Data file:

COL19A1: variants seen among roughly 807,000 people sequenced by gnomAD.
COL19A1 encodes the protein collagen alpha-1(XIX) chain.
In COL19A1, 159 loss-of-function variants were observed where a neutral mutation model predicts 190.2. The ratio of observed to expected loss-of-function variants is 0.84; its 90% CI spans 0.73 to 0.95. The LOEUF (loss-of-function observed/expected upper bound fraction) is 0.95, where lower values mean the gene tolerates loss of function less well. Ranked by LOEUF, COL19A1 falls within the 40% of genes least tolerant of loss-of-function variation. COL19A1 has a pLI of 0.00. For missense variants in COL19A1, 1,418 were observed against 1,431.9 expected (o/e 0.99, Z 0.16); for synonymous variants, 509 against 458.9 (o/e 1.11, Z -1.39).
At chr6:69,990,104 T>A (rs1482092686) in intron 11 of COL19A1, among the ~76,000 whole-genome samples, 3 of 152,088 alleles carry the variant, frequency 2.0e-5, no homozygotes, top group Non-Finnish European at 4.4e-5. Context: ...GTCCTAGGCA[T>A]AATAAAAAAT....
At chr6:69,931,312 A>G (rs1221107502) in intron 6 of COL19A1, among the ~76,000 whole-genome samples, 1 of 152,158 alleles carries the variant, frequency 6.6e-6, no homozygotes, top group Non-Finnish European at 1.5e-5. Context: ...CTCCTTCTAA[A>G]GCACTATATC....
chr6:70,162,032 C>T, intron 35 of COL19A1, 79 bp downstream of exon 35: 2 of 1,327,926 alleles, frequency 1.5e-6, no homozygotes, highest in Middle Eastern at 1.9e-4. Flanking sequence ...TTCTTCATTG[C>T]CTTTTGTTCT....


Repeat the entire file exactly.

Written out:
COL19A1: variants seen among roughly 807,000 people sequenced by gnomAD.
COL19A1 encodes the protein collagen alpha-1(XIX) chain.
In COL19A1, 159 loss-of-function variants were observed where a neutral mutation model predicts 190.2. The ratio of observed to expected loss-of-function variants is 0.84; its 90% CI spans 0.73 to 0.95. The LOEUF (loss-of-function observed/expected upper bound fraction) is 0.95, where lower values mean the gene tolerates loss of function less well. Ranked by LOEUF, COL19A1 falls within the 40% of genes least tolerant of loss-of-function variation. COL19A1 has a pLI of 0.00. For missense variants in COL19A1, 1,418 were observed against 1,431.9 expected (o/e 0.99, Z 0.16); for synonymous variants, 509 against 458.9 (o/e 1.11, Z -1.39).
At chr6:69,990,104 T>A (rs1482092686) in intron 11 of COL19A1, among the ~76,000 whole-genome samples, 3 of 152,088 alleles carry the variant, frequency 2.0e-5, no homozygotes, top group Non-Finnish European at 4.4e-5. Context: ...GTCCTAGGCA[T>A]AATAAAAAAT....
At chr6:69,931,312 A>G (rs1221107502) in intron 6 of COL19A1, among the ~76,000 whole-genome samples, 1 of 152,158 alleles carries the variant, frequency 6.6e-6, no homozygotes, top group Non-Finnish European at 1.5e-5. Context: ...CTCCTTCTAA[A>G]GCACTATATC....
chr6:70,162,032 C>T, intron 35 of COL19A1, 79 bp downstream of exon 35: 2 of 1,327,926 alleles, frequency 1.5e-6, no homozygotes, highest in Middle Eastern at 1.9e-4. Flanking sequence ...TTCTTCATTG[C>T]CTTTTGTTCT....